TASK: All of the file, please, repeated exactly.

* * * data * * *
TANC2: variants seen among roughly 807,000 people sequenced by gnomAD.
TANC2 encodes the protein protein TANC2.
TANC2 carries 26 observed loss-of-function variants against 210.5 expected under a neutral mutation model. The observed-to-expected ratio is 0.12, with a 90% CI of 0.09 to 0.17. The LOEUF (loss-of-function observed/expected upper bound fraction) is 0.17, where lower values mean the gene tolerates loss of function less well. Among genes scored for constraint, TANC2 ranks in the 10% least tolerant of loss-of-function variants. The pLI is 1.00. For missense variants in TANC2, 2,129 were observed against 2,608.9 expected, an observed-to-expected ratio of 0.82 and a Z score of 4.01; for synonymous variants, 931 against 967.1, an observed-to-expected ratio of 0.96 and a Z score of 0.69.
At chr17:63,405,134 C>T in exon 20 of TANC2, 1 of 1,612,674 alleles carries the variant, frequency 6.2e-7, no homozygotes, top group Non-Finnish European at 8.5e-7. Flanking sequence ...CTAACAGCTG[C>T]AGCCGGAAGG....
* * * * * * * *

TANC2: variants seen among roughly 807,000 people sequenced by gnomAD.
TANC2 encodes the protein protein TANC2.
TANC2 carries 26 observed loss-of-function variants against 210.5 expected under a neutral mutation model. The observed-to-expected ratio is 0.12, with a 90% CI of 0.09 to 0.17. The LOEUF (loss-of-function observed/expected upper bound fraction) is 0.17, where lower values mean the gene tolerates loss of function less well. Among genes scored for constraint, TANC2 ranks in the 10% least tolerant of loss-of-function variants. The pLI is 1.00. For missense variants in TANC2, 2,129 were observed against 2,608.9 expected, an observed-to-expected ratio of 0.82 and a Z score of 4.01; for synonymous variants, 931 against 967.1, an observed-to-expected ratio of 0.96 and a Z score of 0.69.
At chr17:63,405,134 C>T in exon 20 of TANC2, 1 of 1,612,674 alleles carries the variant, frequency 6.2e-7, no homozygotes, top group Non-Finnish European at 8.5e-7. Flanking sequence ...CTAACAGCTG[C>T]AGCCGGAAGG....